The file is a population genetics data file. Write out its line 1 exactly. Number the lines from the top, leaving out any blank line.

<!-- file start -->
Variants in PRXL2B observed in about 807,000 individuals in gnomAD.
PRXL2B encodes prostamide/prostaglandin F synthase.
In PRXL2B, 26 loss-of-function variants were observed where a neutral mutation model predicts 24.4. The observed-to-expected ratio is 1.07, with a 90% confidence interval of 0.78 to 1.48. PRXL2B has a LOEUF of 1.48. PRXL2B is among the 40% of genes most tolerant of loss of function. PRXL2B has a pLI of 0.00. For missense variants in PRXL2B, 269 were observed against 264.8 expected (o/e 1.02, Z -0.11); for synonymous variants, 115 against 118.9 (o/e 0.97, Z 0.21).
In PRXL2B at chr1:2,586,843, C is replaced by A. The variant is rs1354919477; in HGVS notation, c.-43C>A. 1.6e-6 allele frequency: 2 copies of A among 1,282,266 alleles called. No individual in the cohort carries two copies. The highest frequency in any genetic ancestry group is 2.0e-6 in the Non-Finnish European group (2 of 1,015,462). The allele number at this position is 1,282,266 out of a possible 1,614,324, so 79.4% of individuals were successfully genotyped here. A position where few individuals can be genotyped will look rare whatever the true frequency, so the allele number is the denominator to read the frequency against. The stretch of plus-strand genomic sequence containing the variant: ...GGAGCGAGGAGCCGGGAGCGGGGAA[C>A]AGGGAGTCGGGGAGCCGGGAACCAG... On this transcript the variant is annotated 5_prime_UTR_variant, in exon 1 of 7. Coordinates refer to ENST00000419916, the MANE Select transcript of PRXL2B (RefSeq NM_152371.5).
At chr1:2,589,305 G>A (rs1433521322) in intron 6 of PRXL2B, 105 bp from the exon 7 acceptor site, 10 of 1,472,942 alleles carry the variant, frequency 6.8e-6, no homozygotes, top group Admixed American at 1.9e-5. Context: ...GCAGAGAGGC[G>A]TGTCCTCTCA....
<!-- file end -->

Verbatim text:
Variants in PRXL2B observed in about 807,000 individuals in gnomAD.